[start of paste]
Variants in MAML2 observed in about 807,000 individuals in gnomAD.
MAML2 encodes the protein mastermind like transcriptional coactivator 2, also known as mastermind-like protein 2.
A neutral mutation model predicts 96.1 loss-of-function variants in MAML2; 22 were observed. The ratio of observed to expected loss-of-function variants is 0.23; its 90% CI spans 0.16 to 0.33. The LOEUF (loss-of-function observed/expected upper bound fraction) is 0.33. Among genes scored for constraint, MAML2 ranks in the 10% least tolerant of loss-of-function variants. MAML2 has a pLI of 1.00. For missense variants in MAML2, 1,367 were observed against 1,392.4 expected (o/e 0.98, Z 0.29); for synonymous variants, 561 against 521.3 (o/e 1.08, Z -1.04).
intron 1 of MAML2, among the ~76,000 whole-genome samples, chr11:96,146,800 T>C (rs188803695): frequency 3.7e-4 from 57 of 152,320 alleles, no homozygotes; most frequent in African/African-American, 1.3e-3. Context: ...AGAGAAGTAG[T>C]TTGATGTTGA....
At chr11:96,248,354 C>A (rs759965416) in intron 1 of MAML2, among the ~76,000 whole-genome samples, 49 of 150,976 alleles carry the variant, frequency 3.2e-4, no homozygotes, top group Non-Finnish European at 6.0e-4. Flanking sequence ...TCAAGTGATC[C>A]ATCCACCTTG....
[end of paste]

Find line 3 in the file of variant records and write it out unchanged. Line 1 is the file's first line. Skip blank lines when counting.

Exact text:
A neutral mutation model predicts 96.1 loss-of-function variants in MAML2; 22 were observed. The ratio of observed to expected loss-of-function variants is 0.23; its 90% CI spans 0.16 to 0.33. The LOEUF (loss-of-function observed/expected upper bound fraction) is 0.33. Among genes scored for constraint, MAML2 ranks in the 10% least tolerant of loss-of-function variants. MAML2 has a pLI of 1.00. For missense variants in MAML2, 1,367 were observed against 1,392.4 expected (o/e 0.98, Z 0.29); for synonymous variants, 561 against 521.3 (o/e 1.08, Z -1.04).